Across the street from the Museo Nacional de la Máscara was a unique display by Edgardo Charnichart. With my limited Spanish and his limited English, I think I understood it was his interpretation of many things in Mexico. He tried valiantly to explain, and I think I understood the gist of it. Unfortunately, my phone was stolen and all my notes etc. were lost. A lot of work and artistry went into his display. Very impressive. The photos do not do it justice.

The Templo de Nuestra Señora del Carmen, also in the Plaza del Carmen, is imposing with its baroque style with marble apostles on the façade, which are duplicates of statues in Rome’s St. Peter’s Basilica.

We went to the train museum, Museo del Ferrocarril. It was very interesting, and they did an excellent job preserving the old cars. There are a couple of places to eat there, and Restaurant La Estacion is across the street.

Museo del Virreinato is another museum we toured. The building was built in 1747 and was the former convent of the order of Carmelita nuns. It has been an asylum for orphans, a masonry and the office of the Ministry of Health. Today, there are concerts, conferences, children’s workshops and courses, and an art gallery. They have preserved the cloister and one other room as a museum.

Closed Monday. Open Tuesday to Saturday from 11:00 a.m. to 8:00 p.m. Sundays from 11:00 a.m. to 6:00 p.m. Fee 15 pesos.

The Museo Federico Silva is an interesting look at a different type of contemporary art sculpture. The building dates back to 1611 and is named after the most important sculptor in Mexico. For us, it was very different but interesting.

One must-see museum is the Centro de Artes Centenario. It was a prison up until 1999, and ten years later, it was transformed into an arts and cultural centre. We had an excellent guide take us around the museum. With him, we knew what everything was before and what it turned into now. Some cells have been maintained as cells, and others converted into offices.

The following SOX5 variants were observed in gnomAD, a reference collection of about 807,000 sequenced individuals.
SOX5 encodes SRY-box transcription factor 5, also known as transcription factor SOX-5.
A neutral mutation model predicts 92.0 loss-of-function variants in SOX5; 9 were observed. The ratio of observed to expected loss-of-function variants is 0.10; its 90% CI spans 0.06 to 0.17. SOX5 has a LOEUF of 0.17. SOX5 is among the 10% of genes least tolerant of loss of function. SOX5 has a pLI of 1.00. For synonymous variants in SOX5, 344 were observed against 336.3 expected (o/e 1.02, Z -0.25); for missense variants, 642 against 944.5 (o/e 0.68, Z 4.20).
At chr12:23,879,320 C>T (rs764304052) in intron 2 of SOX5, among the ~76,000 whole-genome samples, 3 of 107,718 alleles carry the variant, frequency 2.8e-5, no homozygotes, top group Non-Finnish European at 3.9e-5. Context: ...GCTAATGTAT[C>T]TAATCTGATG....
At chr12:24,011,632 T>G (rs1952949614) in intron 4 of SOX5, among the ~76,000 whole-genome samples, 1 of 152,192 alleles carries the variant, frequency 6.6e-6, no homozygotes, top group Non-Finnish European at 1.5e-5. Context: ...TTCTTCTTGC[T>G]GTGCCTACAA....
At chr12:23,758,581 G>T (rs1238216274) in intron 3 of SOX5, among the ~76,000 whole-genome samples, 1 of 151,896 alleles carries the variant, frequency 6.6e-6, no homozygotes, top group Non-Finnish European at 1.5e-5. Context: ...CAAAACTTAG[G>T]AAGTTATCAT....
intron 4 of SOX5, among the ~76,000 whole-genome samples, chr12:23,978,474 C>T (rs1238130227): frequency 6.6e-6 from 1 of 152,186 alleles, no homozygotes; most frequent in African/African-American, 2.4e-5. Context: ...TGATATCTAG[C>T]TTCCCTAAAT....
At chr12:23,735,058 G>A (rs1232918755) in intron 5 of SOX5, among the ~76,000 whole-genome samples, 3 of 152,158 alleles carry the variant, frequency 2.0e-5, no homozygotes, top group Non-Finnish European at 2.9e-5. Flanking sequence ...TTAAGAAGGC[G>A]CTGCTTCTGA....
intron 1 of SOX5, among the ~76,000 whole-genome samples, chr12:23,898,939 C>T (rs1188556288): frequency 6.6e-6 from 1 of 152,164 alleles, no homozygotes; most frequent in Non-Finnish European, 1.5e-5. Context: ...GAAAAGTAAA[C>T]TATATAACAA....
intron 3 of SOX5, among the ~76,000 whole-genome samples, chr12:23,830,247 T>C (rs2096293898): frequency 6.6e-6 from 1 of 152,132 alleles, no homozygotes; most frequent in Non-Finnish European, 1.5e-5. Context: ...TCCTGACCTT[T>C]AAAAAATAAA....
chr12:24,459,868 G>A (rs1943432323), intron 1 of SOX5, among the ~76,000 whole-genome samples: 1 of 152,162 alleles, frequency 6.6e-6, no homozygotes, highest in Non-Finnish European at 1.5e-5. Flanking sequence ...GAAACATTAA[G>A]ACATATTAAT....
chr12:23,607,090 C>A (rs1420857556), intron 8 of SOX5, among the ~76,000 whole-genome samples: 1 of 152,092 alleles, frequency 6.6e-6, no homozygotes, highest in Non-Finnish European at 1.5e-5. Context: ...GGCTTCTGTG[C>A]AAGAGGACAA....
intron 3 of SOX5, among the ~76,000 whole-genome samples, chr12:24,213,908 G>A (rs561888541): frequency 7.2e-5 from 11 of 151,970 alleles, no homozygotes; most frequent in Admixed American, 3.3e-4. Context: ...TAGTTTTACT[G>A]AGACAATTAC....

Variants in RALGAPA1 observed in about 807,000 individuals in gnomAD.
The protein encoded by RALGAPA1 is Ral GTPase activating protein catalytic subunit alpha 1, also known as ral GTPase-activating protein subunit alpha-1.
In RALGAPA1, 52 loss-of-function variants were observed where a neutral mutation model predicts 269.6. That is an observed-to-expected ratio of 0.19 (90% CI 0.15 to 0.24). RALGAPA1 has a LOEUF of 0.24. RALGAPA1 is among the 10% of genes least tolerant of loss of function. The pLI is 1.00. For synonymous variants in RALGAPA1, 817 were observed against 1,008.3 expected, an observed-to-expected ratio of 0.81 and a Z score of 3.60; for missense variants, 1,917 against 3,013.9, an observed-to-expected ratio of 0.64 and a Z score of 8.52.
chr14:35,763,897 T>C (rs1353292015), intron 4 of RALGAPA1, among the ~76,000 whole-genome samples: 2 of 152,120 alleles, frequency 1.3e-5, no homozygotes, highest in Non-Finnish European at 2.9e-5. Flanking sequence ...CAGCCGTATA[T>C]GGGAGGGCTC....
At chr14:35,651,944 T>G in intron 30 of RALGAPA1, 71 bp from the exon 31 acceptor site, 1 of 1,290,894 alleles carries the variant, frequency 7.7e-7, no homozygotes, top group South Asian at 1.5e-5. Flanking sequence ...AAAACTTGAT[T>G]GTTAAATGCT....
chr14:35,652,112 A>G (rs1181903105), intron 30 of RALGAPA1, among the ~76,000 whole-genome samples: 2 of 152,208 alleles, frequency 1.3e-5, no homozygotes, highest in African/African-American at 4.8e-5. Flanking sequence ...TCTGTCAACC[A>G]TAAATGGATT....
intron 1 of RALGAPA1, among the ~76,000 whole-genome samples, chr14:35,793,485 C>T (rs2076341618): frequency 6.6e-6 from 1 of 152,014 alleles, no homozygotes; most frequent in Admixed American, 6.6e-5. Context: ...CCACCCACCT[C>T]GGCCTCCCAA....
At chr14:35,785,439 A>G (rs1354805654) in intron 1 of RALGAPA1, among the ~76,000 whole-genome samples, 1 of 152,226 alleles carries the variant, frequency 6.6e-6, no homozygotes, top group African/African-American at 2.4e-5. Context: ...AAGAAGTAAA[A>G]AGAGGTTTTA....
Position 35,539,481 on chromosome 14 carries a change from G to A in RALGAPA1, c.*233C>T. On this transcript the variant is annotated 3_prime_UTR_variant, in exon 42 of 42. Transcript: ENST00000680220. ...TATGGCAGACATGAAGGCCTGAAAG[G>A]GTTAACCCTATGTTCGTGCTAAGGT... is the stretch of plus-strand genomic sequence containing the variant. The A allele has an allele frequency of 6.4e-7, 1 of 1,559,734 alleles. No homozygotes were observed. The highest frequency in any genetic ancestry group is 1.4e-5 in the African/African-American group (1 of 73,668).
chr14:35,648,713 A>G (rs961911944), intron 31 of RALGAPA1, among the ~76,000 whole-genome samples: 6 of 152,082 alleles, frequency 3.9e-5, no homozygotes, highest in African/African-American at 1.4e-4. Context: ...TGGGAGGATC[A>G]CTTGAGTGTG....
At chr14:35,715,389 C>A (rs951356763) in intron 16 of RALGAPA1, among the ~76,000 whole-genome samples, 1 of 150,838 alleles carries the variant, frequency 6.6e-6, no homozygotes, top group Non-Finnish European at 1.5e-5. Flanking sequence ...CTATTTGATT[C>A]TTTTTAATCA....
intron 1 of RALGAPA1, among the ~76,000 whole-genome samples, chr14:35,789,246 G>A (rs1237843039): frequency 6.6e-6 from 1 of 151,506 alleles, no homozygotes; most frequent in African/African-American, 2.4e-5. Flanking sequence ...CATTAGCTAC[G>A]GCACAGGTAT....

The original tower outlook for the prison. Our guide was wonderful
Great guide. Speaks English

The museum also houses another museum, Museo Leonora Carrington. Her sculptures are unique. Visiting the Centro de Artes is worth it. She was a very interesting person.

Further down the street from the Centro de Artes is the Basilica Santuario de Nuestra Señora de Guadalupe. The church is beautiful inside and out. One of the unique items is the crystal boat hanging down from the ceiling.

In between our sightseeing, we found a couple of nice restaurants. Our favourite (so far) is La Historica Cantina de Autor. Great venue, food, and service. They had musicians playing softly. The place was full, so I recommend making a reservation. The waiters were quite busy the night we were there. For more information, visit their website:

Another restaurant is La Posada del Virrey Restaurante. Address Jardin Hidalgo 3. We only had lunches there but enjoyed the food and view. The décor inside was interesting and different.

Hallway to the bathroom
Baby change area

I would be remiss if I did not mention Jim and Karen Clifford, who kindly met up with us and showed us around San Luis Potosi, and took us to Café Pacifico for breakfast. Lovely place, not fancy, but with good food.  They are a part of the reason we have decided to move there. Thanks to Jim and Karen Clifford for your kindness and friendship.



There is a new hotel on the beach in Melaque, Casa Leon Hotel. Some people like it, others don’t. Some don’t want the town to change from its small fishing/tourist town; others welcome the change. Whatever your opinion, progress is inevitable. There is progress happening all over Melaque. Hotels are renovating and adding additions, and stores are upgrading their facades.

One of the perks of this new hotel is the restaurant on the roof. Moon Restaurant. The views from this restaurant are breathtaking. The restaurant is on the 6th floor, and there is an elevator. The only one in Melaque.

The restaurant is operated by Gilberto Rodriquez, owner of El Patio Restaurant in downtown Melaque. He has many years of experience running a very successful restaurant.